The 17th Melungeon Union was the best attended in six years, with more than fifty MHA members on the first day and more than seventy in attendance on Saturday to see the new documentary. The Wytheville Meeting Center was a commodious and welcoming venue for both the smaller conference on Friday and the film showing the next day.
Friday morning opened with Dr. Terry Mullins of Concord University presenting “Cultural Diversity Comes Home,” an introduction to Melungeons that he has been invited to give to several scholarly and general audiences. This was followed first by a panel consisting of MHA Vice President Scott Withrow, Elon University professor Kathy Lyday, and MHA Treasurer Phyllis Morefield. A new fantasy novel series by Alex Bledsoe provided the springboard for a discussion by Kathy and Scott of how Melungeons are perceived and misrepresented in popular culture, followed by remarks by Phyllis on finding Melungeon ancestry through genealogical research. The next panel consisted of Stacy Webb, Jeanne Bornefield, and me (KPJ), discussing “Melungeon Geography.” I opened with a presentation on the current distribution of Melungeons in the United States, compared to that of the Goins family. I announced plans for a 2015 collection from Backintyme Publications entitled The Goinses, tracing this family from the Carolina/Virginia coast through Appalachia into the Deep South and Midwest, to be co-edited by Stacy Webb and me. Stacy followed with a discussion of historic migration patterns of triracial peoples and the legal pressures that compelled their mobility in the 19th century. Jeanne concluded by introducing a new initiative to compile county-level genealogical contact information for mixed ancestry researchers, and discussed her Indiana research.
Following lunch, we had a lengthy informal period for chats on family and local history and then heard Beth Hirschman deliver what amounted to a keynote address on “Becoming Melungeon.” She proposed a model for the process based on the “stages of acceptance” associated with grief. First, we deny mixed ancestry in our own family lines; then accept it reluctantly and resentfully; and finally progress toward willing acceptance, embracing and celebrating our full heritage. Beth gave a humorous account of coming to terms with the fact that her forebears included no royalty or people of great wealth, but did include a great many despised ethnic minorities. The Friday session closed with the MHA annual meeting, followed by a period honoring Johnnie Gibson Rhea, who recently was featured in a public radio documentary about Melungeon DNA, some of which had been recorded at 16th Union.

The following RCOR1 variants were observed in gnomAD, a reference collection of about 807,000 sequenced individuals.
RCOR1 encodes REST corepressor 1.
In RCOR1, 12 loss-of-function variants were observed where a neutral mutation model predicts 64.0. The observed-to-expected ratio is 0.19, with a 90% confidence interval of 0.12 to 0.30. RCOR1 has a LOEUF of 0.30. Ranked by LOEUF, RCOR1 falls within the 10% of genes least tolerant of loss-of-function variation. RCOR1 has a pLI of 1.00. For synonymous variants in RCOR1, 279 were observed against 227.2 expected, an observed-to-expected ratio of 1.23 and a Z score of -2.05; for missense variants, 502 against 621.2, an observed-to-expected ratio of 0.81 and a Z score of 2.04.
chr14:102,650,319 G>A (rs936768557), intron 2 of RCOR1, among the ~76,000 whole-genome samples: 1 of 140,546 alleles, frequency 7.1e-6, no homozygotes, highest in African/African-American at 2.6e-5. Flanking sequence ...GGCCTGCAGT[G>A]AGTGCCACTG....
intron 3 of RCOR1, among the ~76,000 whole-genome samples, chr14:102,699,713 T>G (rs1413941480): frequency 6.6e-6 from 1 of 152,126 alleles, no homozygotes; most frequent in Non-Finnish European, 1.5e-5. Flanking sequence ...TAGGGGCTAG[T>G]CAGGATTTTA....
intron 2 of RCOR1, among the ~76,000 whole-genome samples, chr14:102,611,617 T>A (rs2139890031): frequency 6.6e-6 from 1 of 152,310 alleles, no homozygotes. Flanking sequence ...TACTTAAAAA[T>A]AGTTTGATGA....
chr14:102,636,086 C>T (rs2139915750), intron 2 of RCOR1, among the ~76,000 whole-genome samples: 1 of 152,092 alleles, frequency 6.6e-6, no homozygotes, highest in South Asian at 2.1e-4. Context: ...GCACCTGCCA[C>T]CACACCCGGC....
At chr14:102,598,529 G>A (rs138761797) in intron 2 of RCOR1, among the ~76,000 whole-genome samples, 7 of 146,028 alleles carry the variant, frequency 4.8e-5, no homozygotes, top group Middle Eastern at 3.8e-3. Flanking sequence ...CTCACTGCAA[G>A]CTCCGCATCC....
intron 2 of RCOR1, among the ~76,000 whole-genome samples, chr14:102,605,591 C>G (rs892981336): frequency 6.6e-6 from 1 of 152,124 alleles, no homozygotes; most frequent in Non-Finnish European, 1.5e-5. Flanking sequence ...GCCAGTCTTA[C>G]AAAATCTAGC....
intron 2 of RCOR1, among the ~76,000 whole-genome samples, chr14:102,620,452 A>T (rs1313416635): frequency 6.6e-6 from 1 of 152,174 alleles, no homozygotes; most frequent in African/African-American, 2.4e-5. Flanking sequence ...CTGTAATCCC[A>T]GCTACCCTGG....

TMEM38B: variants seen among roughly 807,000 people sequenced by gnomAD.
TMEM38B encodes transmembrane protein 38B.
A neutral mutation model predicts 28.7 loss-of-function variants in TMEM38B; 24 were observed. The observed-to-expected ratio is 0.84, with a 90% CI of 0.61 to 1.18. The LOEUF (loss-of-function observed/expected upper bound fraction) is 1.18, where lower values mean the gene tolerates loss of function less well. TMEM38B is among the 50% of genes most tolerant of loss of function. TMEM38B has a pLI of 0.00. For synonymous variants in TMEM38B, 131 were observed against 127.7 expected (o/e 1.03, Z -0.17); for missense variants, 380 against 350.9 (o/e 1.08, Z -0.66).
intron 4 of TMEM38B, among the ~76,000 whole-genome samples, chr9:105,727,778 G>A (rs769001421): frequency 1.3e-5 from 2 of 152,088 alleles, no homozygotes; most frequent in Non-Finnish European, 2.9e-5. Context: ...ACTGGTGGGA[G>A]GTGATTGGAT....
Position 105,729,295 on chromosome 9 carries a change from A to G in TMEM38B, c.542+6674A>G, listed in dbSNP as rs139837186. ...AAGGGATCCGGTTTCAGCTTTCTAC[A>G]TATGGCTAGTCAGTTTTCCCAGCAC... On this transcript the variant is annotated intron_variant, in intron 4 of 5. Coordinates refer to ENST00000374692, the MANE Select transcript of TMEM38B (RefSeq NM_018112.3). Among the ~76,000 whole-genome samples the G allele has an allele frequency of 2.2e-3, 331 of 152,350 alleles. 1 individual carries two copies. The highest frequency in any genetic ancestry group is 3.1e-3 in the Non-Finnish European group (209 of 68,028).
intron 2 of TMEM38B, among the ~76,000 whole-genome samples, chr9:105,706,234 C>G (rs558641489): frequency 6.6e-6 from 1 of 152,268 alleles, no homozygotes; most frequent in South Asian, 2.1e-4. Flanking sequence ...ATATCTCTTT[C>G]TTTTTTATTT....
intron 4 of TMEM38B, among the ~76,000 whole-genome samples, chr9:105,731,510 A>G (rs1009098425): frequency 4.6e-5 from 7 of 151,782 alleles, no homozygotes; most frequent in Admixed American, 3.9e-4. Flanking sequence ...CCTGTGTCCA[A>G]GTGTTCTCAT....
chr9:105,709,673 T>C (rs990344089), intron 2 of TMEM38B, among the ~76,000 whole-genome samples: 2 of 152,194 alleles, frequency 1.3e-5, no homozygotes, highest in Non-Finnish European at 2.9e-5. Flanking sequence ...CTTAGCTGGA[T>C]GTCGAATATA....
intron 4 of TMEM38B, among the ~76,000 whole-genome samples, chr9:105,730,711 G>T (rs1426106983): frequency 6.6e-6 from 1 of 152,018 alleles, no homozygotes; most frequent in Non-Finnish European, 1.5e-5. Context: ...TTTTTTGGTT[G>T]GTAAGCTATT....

The Saturday morning session opened with an address by MHA President S.J. Arthur on issues of identity for 21st century Melungeons and Melungeon descendants. SJ discussed different standards applied to self-identification as Melungeon contrasted with other ethnic groups, and the historical factors that prevented such self-identity until the emergence of the modern Melungeon movement. Manuel Mira followed with a discussion of his Portuguese heritage and long-term interest in Melungeon research. Wayne Winkler concluded the Saturday morning session with a masterful multimedia examination of 19thcentury primary sources on Melungeons and their many biases and distortions.
The climax and conclusion of the Union was a showing of The Melungeons of Vardy Valley. A panel composed of interviewees Claude Collins, DruAnna Williams Overbay, and Troy Williams was moderated by filmmaker Ian Cheney and complemented by co-producers Marilyn Cheney and Todd Beckham. The beautiful and moving documentary stimulated many questions and favorable comments from conferees. At the close of the Union, Claude Collins invited everyone to join MHA and the Vardy Community Historical Society for 18th Union, to be celebrated in Vardy, TN and Big Stone Gap, VA.